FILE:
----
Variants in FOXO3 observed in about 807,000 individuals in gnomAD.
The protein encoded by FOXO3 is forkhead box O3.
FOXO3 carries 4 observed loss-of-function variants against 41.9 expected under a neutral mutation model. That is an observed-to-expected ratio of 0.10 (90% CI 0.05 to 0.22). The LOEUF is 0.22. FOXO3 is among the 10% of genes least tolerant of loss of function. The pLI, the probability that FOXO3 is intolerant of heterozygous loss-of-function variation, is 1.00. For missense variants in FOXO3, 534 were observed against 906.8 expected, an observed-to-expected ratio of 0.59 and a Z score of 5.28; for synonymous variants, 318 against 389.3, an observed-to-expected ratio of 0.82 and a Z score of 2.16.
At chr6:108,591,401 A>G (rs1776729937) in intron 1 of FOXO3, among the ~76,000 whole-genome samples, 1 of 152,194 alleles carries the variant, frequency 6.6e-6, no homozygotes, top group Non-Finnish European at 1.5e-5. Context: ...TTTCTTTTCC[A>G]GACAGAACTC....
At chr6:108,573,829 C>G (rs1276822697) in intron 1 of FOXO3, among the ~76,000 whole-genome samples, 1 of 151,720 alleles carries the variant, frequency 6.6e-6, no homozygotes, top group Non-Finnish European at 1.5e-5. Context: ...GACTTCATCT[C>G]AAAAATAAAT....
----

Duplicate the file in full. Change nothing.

Variants in FOXO3 observed in about 807,000 individuals in gnomAD.
The protein encoded by FOXO3 is forkhead box O3.
FOXO3 carries 4 observed loss-of-function variants against 41.9 expected under a neutral mutation model. That is an observed-to-expected ratio of 0.10 (90% CI 0.05 to 0.22). The LOEUF is 0.22. FOXO3 is among the 10% of genes least tolerant of loss of function. The pLI, the probability that FOXO3 is intolerant of heterozygous loss-of-function variation, is 1.00. For missense variants in FOXO3, 534 were observed against 906.8 expected, an observed-to-expected ratio of 0.59 and a Z score of 5.28; for synonymous variants, 318 against 389.3, an observed-to-expected ratio of 0.82 and a Z score of 2.16.
At chr6:108,591,401 A>G (rs1776729937) in intron 1 of FOXO3, among the ~76,000 whole-genome samples, 1 of 152,194 alleles carries the variant, frequency 6.6e-6, no homozygotes, top group Non-Finnish European at 1.5e-5. Context: ...TTTCTTTTCC[A>G]GACAGAACTC....
At chr6:108,573,829 C>G (rs1276822697) in intron 1 of FOXO3, among the ~76,000 whole-genome samples, 1 of 151,720 alleles carries the variant, frequency 6.6e-6, no homozygotes, top group Non-Finnish European at 1.5e-5. Context: ...GACTTCATCT[C>G]AAAAATAAAT....